[ak-yoo-zey-shuh n]


a charge of wrongdoing; imputation of guilt or blame.
the specific offense charged: The accusation is murder.
the act of accusing or state of being accused.

Origin of accusation

1350–1400; Middle English accusacion < Latin accūsātiōn- (stem of accūsātiō), equivalent to accūsāt(us), past participle of accūsāre (see accuse, -ate1) + -iōn- -ion
Related formscoun·ter·ac·cu·sa·tion, nounpre·ac·cu·sa·tion, nounre·ac·cu·sa·tion, nounself-ac·cu·sa·tion, noun Unabridged Based on the Random House Unabridged Dictionary, © Random House, Inc. 2019

Examples from the Web for self-accusation

Historical Examples of self-accusation

  • "It would not be like him," responded Hester, with self-accusation.

    Weighed and Wanting

    George MacDonald

  • I said this somewhat testily, for the self-accusation nettled me.

    In the Valley

    Harold Frederic

  • Hitherto her voice had been hard, possibly in self-accusation, possibly in defiance.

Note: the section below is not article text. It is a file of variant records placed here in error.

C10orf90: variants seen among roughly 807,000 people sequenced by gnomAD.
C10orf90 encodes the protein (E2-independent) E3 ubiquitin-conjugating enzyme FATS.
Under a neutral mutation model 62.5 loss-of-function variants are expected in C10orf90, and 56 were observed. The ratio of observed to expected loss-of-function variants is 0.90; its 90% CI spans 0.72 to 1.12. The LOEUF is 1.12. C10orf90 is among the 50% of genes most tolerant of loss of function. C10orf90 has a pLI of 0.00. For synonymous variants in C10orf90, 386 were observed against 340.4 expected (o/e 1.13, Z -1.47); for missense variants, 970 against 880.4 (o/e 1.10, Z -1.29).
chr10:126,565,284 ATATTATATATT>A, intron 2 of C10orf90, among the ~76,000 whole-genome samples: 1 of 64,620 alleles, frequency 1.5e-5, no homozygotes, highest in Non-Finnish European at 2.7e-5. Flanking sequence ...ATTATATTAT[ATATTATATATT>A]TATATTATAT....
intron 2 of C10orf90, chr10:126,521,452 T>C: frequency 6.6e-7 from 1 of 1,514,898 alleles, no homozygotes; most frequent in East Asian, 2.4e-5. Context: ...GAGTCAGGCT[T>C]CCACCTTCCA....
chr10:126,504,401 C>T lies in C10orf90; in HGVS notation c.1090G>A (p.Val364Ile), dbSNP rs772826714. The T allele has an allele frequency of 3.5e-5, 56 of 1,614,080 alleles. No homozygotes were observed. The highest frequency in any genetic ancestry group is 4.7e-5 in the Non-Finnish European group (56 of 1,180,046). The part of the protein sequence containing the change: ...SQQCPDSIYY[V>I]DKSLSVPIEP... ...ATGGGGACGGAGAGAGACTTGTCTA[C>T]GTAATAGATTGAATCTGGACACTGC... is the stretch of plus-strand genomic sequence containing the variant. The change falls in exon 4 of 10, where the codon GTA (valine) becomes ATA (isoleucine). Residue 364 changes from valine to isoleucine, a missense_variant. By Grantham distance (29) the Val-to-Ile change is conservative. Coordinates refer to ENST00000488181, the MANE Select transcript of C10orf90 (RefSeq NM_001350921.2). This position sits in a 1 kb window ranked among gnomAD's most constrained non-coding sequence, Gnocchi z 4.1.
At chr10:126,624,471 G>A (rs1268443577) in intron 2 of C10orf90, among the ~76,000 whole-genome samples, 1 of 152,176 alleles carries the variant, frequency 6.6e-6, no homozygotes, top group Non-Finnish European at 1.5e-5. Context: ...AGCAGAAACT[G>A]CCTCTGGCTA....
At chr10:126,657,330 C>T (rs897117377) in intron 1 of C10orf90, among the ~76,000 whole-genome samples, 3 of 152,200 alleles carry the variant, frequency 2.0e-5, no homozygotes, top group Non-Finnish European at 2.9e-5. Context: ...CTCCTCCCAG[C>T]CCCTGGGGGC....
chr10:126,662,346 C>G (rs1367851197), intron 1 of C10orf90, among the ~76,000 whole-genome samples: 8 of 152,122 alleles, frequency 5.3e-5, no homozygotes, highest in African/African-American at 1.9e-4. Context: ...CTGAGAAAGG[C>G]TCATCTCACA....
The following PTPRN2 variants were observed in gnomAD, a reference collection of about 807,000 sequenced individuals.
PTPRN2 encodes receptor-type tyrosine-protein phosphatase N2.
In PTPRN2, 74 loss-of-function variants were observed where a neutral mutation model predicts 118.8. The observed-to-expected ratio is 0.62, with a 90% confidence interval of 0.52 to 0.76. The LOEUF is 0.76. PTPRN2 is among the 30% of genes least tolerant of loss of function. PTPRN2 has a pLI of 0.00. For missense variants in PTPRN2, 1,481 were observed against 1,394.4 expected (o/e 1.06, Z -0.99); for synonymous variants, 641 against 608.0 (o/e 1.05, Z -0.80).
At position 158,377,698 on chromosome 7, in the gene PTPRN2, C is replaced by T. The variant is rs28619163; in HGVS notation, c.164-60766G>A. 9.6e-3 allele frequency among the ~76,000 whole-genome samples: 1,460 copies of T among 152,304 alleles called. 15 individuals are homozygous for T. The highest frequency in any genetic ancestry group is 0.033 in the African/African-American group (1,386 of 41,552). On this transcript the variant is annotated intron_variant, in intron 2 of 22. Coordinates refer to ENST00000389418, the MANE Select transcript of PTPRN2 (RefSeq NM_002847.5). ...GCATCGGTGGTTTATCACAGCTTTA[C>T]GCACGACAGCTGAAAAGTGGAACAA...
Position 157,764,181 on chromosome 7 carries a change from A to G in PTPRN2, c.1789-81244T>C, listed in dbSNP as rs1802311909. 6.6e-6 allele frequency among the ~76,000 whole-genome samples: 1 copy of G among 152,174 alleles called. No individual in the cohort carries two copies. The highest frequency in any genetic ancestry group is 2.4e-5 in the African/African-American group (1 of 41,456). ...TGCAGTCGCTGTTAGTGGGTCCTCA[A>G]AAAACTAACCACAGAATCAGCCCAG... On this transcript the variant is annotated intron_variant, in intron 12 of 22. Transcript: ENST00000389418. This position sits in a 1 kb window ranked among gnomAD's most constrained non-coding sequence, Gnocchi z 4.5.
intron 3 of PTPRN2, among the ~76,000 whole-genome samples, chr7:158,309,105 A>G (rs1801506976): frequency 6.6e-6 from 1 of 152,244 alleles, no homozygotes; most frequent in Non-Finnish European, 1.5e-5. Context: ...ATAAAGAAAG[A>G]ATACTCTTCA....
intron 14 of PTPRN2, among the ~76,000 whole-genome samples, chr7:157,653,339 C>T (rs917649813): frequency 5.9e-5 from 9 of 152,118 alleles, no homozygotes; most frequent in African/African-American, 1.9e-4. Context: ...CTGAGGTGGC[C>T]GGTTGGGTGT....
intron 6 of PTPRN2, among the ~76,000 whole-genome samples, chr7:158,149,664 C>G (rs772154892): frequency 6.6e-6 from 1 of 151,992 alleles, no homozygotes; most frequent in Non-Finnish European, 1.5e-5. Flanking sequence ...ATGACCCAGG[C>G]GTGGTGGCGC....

• And you will never regret and never forget this chapter of Self-accusation.

    Evening Round Up

    William Crosbie Hunter

  • The wrath in his soul melted at this self-accusation and fervent repentance.

    Legends of the Rhine

    Wilhelm Ruland

British Dictionary definitions for self-accusation



an allegation that a person is guilty of some fault, offence, or crime; imputation
a formal charge brought against a person stating the crime that he is alleged to have committed
Collins English Dictionary - Complete & Unabridged 2012 Digital Edition © William Collins Sons & Co. Ltd. 1979, 1986 © HarperCollins Publishers 1998, 2000, 2003, 2005, 2006, 2007, 2009, 2012

Word Origin and History for self-accusation



late 14c., from Old French acusacion or directly from Latin accusationem (nominative accusatio), noun of action from past participle stem of accusare (see accuse).

Online Etymology Dictionary, © 2010 Douglas Harper